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Q Does cannabis use increase the risk of developing psychotic symptoms in young people with or without a predisposition for psychosis?
Prospective cohort study.
Follow up period:
The city and counties of Munich, Germany
2437 young people aged 14–24 years with or without a predisposition for psychosis and born between 1 June 1970 and 31 May 1981.
Participants were assessed for cannabis use and for psychosis and predisposition to psychosis by the Munich version of the composite international diagnostic interview (M-CIDI), at baseline and four years follow up. Logistic regression was used to calculate odds ratios and 95% confidence intervals. The interaction between a predisposition for psychosis at baseline and cannabis use was calculated using an additive model.
Psychosis; predisposition for psychosis; frequency of cannabis use.
After adjustment for age, sex, socioeconomic status, urban residence, childhood trauma, predisposition for psychosis at baseline, and use of other drugs, tobacco, and alcohol, cannabis use increased the risk for young people developing psychotic symptoms four years later (OR: 1.67, 95% CI 1.13 to 2.46). This effect was greater in young people with a predisposition for pyschosis at baseline compared to those without (p = 0.032).
Cannabis use increases the risk for young people developing psychotic symptoms later in life, with a much greater effect in those already predisposed to pyschosis.
A dose-response relation was observed between the frequency of cannabis use at baseline and the development of psychotic symptoms, which suggests causality. The authors also note previous studies which suggest that an interaction between cannabis use and a predisposition to psychosis is biologically plausible.
Henquet et al suggest that not only does cannabis moderately increase the risk for psychosis but that it has a greater effect in those who may have a predisposition to psychosis. This recent paper makes a vital contribution to the current debate of the association between cannabis use and psychosis which is an attempt to untangle cause and effect. Do individuals start using cannabis because of some predisposition to psychosis or is cannabis implicated in the expression of psychosis?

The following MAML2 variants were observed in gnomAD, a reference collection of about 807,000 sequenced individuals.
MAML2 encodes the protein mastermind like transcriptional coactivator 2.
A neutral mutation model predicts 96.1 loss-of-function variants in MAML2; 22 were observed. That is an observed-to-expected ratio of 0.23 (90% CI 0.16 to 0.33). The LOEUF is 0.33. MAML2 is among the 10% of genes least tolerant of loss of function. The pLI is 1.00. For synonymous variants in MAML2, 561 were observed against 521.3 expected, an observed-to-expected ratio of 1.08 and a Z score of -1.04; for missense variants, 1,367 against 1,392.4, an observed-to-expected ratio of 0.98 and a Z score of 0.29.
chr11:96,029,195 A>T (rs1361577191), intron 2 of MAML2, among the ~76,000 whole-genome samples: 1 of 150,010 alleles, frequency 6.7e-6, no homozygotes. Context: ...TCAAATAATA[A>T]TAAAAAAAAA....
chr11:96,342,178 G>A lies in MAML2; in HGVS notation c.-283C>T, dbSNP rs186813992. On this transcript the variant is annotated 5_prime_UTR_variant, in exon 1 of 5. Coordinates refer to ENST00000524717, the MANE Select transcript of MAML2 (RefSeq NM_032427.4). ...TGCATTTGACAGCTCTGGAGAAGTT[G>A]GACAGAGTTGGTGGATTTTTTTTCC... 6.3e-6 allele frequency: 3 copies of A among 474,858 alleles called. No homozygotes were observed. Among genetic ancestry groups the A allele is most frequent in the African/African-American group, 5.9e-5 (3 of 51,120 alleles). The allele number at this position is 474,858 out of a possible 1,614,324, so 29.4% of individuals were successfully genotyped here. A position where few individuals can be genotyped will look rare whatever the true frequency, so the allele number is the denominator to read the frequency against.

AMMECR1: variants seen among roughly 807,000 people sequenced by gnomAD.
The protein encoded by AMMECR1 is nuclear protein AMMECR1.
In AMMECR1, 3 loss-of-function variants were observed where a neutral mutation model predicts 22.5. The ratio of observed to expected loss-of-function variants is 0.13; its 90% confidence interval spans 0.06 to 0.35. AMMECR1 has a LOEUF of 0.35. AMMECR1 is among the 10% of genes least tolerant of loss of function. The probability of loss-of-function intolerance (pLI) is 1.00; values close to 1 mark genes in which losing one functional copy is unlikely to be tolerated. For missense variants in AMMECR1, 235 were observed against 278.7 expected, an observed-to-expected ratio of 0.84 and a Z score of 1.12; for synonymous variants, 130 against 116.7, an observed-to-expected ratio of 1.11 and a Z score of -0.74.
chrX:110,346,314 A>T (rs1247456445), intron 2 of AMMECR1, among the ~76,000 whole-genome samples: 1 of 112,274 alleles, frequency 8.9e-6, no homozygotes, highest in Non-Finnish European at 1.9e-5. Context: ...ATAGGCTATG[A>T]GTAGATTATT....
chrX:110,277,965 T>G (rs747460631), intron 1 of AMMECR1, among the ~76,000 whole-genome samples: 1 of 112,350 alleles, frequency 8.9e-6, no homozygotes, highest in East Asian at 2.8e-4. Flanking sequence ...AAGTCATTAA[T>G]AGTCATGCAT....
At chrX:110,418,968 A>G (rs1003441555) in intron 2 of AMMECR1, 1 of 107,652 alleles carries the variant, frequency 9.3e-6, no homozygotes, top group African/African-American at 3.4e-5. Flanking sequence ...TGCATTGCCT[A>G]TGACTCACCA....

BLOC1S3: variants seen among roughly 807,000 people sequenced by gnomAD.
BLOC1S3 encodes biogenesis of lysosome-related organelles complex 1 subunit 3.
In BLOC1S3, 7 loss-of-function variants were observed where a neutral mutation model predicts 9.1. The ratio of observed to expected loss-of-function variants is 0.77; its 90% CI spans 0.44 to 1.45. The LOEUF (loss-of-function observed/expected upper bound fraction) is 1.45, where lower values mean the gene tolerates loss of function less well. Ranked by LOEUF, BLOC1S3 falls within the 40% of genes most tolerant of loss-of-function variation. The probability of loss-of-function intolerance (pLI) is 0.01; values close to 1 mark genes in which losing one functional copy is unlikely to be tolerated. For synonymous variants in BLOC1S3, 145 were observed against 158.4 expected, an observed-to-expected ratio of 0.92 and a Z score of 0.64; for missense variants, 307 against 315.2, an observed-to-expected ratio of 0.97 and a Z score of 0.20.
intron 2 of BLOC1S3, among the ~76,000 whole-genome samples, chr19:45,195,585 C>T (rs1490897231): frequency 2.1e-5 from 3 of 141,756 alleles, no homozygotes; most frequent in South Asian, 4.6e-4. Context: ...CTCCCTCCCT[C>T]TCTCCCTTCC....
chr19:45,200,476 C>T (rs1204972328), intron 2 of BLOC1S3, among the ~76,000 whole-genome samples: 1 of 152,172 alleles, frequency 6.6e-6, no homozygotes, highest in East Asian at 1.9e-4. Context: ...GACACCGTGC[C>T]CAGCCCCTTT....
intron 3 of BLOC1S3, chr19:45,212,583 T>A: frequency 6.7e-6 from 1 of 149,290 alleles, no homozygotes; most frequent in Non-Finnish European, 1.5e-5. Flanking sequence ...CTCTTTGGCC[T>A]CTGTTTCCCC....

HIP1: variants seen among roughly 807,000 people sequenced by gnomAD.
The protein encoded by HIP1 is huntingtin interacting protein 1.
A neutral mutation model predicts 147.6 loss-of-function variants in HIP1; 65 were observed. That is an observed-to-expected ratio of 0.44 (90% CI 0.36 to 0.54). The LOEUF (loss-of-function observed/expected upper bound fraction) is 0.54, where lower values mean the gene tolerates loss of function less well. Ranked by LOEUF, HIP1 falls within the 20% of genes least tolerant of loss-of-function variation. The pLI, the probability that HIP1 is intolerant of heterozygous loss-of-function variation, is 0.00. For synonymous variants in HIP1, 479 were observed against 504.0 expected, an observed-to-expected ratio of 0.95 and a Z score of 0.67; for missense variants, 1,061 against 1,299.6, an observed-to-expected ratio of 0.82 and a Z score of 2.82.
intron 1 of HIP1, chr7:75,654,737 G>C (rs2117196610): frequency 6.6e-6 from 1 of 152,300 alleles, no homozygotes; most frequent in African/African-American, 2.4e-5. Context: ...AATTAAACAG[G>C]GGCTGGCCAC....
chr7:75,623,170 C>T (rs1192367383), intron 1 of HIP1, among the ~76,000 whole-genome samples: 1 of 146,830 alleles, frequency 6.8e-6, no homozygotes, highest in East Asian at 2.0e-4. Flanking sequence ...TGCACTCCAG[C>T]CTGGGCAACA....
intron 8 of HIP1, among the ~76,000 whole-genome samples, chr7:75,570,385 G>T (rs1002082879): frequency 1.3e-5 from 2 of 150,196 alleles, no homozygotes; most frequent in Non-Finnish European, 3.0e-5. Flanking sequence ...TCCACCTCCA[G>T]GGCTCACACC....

There is research implying that cannabis use is associated with an increased risk for schizophrenia,1 supported by more recent evidence suggesting that heavy use in adolescence increases later risk of schizophrenia.2 Furthermore, this could potentially be mediated by the effects of dopamine.3 Now in the first prospective study, Henquet et al used data from a population based sample to investigate whether cannabis use at baseline increases the risk of later psychosis. These data suggest that the self-medication hypothesis is not the primary explanation for the association (although it does not entirely refute the self-medication hypothesis). The results further imply that not only does cannabis increase the risk of later psychotic symptoms but those who may be presenting with a vulnerability to psychosis are more at risk, and that there is an interaction between the early use of cannabis and a predisposition to psychosis.
Clinical implications are that cannabis can be harmful particularly for those who have a predisposition to psychosis, adding support to another area of mixed opinions—the debate as to whether cannabis should or should not be considered a harmful drug. In our practice, use of cannabis should be assessed and discouraged. Although our research evidence may not fully support the implication of cannabis in the onset of psychosis there is very little to disprove it.
For correspondence: Professor Jim van Os, Department of Pyschiatry and Neuropyschology, South Limburg Mental Health Research and Teaching Networ, EURON, Maastricht University, PO BOX 616, 6200 MD Maastricht, the Netherlands
Sources of funding: grants from National Institute of Health (USA) and the German Ministry of Research, Education and Technology.